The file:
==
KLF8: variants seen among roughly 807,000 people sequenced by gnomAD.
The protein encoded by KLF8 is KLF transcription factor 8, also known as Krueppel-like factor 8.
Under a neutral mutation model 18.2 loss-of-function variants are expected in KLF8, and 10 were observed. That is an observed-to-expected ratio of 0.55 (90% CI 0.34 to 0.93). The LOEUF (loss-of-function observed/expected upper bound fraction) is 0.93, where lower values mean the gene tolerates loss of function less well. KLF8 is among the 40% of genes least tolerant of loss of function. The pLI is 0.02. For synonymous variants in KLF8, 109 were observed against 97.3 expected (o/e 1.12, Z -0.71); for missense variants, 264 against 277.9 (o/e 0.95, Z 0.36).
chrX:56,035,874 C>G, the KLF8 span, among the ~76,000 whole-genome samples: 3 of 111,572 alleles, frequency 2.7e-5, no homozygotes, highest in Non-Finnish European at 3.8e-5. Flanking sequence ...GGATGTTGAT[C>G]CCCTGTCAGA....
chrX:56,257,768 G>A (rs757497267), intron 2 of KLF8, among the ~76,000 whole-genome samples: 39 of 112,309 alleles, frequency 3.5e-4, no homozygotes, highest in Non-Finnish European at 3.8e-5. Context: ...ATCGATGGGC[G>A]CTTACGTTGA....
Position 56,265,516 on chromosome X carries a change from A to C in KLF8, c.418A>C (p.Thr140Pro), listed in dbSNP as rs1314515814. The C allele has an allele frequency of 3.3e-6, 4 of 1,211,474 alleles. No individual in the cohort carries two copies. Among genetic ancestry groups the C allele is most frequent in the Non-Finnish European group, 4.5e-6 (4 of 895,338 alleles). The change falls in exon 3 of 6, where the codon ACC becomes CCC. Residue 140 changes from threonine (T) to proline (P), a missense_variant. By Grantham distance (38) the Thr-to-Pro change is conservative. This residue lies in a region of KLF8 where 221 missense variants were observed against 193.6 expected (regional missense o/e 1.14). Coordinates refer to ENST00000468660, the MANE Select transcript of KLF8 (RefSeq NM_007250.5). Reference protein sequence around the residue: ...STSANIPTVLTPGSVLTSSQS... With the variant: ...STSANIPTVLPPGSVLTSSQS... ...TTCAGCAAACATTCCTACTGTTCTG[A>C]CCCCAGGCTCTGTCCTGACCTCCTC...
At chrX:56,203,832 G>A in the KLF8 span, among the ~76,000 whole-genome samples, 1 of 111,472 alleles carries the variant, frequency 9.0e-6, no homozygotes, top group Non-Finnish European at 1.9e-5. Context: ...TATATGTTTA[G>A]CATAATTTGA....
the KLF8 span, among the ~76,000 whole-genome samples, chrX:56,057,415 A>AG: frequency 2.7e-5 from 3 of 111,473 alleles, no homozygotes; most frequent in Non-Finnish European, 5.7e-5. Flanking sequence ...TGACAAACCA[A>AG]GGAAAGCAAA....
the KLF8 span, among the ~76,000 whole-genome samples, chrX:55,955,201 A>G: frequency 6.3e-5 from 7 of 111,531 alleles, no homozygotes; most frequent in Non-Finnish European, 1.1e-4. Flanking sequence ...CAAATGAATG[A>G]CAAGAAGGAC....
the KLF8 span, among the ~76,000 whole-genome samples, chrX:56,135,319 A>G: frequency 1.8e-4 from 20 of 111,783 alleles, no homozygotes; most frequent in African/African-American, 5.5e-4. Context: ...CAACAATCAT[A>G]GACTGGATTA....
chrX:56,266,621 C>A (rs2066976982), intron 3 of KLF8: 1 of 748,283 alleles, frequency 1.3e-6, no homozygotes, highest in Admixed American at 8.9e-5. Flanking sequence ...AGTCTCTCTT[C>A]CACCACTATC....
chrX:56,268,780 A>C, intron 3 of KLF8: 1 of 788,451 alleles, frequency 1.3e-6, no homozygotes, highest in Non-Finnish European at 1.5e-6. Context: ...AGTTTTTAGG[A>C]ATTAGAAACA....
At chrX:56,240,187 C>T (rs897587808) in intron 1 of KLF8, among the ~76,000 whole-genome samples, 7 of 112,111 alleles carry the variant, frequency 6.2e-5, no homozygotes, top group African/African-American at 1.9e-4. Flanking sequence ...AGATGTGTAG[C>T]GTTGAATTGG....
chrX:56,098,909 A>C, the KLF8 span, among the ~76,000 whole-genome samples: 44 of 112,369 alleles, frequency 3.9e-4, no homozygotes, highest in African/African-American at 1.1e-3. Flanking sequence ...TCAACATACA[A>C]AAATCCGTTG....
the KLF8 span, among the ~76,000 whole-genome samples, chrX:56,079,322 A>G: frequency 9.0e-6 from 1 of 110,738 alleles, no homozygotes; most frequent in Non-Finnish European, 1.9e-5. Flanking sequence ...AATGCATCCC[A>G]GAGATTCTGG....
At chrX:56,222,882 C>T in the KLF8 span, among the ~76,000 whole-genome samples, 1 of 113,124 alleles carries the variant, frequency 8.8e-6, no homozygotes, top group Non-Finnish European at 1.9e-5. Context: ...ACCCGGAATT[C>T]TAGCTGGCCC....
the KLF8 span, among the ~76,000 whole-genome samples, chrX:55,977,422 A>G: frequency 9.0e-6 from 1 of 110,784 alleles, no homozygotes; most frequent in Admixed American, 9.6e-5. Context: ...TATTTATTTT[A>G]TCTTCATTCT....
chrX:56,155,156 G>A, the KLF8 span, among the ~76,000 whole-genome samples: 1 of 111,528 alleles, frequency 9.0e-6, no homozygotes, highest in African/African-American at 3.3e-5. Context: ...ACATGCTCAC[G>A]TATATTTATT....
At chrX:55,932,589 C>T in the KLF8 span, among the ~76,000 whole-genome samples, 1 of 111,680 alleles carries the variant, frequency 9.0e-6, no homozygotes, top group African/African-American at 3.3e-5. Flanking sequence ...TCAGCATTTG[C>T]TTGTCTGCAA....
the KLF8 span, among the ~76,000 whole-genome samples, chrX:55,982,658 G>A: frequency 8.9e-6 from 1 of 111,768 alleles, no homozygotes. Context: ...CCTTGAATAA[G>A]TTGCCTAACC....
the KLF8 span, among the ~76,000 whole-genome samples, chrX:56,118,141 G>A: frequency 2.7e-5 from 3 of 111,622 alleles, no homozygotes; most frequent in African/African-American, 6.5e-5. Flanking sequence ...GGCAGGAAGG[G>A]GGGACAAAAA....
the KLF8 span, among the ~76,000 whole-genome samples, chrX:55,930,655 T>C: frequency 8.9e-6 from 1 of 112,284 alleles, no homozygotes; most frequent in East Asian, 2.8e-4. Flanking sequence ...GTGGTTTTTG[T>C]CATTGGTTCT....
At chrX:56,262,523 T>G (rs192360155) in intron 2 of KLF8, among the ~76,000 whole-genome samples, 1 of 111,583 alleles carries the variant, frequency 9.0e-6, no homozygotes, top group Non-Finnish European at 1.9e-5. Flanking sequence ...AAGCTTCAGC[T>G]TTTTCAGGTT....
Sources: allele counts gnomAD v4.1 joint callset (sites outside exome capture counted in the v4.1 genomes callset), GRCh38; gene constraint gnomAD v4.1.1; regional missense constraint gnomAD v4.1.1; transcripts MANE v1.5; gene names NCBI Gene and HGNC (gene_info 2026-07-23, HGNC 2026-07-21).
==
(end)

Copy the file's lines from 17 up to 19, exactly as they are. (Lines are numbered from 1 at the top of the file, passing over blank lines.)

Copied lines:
the KLF8 span, among the ~76,000 whole-genome samples, chrX:55,977,422 A>G: frequency 9.0e-6 from 1 of 110,784 alleles, no homozygotes; most frequent in Admixed American, 9.6e-5. Context: ...TATTTATTTT[A>G]TCTTCATTCT....
chrX:56,155,156 G>A, the KLF8 span, among the ~76,000 whole-genome samples: 1 of 111,528 alleles, frequency 9.0e-6, no homozygotes, highest in African/African-American at 3.3e-5. Context: ...ACATGCTCAC[G>A]TATATTTATT....
At chrX:55,932,589 C>T in the KLF8 span, among the ~76,000 whole-genome samples, 1 of 111,680 alleles carries the variant, frequency 9.0e-6, no homozygotes, top group African/African-American at 3.3e-5. Flanking sequence ...TCAGCATTTG[C>T]TTGTCTGCAA....